When you’re selling a home, an estate agent can help you get the best result possible.
They take a whole load of stress off your hands compared to a DIY sale. They’ll help you price and market your home, organise viewings and communicate with interested buyers.
And their expertise can go a long way in getting you a better sale price.
So what should you expect to pay for an estate agent? What do their fees include? Here’s our guide to estate agent fees.
How much are estate agent fees in 2023?
Every estate agent is unique and their fees will vary depending on your location and the type of service you choose.
Most will charge you a percentage of the sale price of your home, which you pay once you’ve sold.
A good ballpark figure for a sole agency contract, which is when just one estate agency markets your home, is between 1% and 2% of your sale price.
But it’s not unusual to pay up to 3.5%, especially if you want a service with all the bells and whistles.
With a multi-agency contract, you can use as many agencies as you like and you only pay commission to the one who sells your home. The average fee for a multi-agency contract is around 3%.
While it can be tempting to opt for the lowest fee, it isn’t always the best idea.
There’s usually a reason for a low fee, and it might mean less time spent on marketing your home or communicating with buyers.
A more expensive agent might be more familiar with the market you want to sell to or have a good pool of potential buyers on their books.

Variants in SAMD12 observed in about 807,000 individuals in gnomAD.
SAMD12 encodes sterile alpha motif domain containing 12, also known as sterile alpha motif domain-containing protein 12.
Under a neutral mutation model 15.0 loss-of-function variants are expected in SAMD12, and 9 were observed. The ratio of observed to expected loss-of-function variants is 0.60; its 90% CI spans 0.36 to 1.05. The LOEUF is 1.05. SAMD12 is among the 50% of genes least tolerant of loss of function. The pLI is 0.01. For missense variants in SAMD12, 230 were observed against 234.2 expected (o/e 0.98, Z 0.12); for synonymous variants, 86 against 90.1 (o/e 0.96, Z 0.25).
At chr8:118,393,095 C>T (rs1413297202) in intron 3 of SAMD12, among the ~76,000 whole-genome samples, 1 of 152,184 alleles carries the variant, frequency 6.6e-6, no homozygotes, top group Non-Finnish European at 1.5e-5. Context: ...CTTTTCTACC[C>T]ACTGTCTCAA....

Do your research, compare the options and speak to several estate agents. It’s all about weighing up the cost against what’s included.
Do estate agency fees include VAT?
Value Added Tax (VAT) may be included in the fee price quoted by your estate agent - but it's always a good idea to check up front.
If VAT isn’t included in the price, you’ll need to allow a further 20% on top of the estate agent's quote.
This can seem like a lot of extra money if it’s unexpected, so be sure to ask.
Do any estate agents offer fixed-fee alternatives?
Some estate agents offer a flat rate fee instead of a percentage fee.
These rates are sometimes offered by online estate agents with digital-only presences.
A fixed rate might seem like a good way to save money, but make sure you know exactly what’s on offer before you sign up.
What do estate agency fees cover?
Good question. The truth is, it varies depending on what you’d like to wrap into the cost.
Some estate agents offer a choice of set marketing packages, while others might allow you to mix-and-match.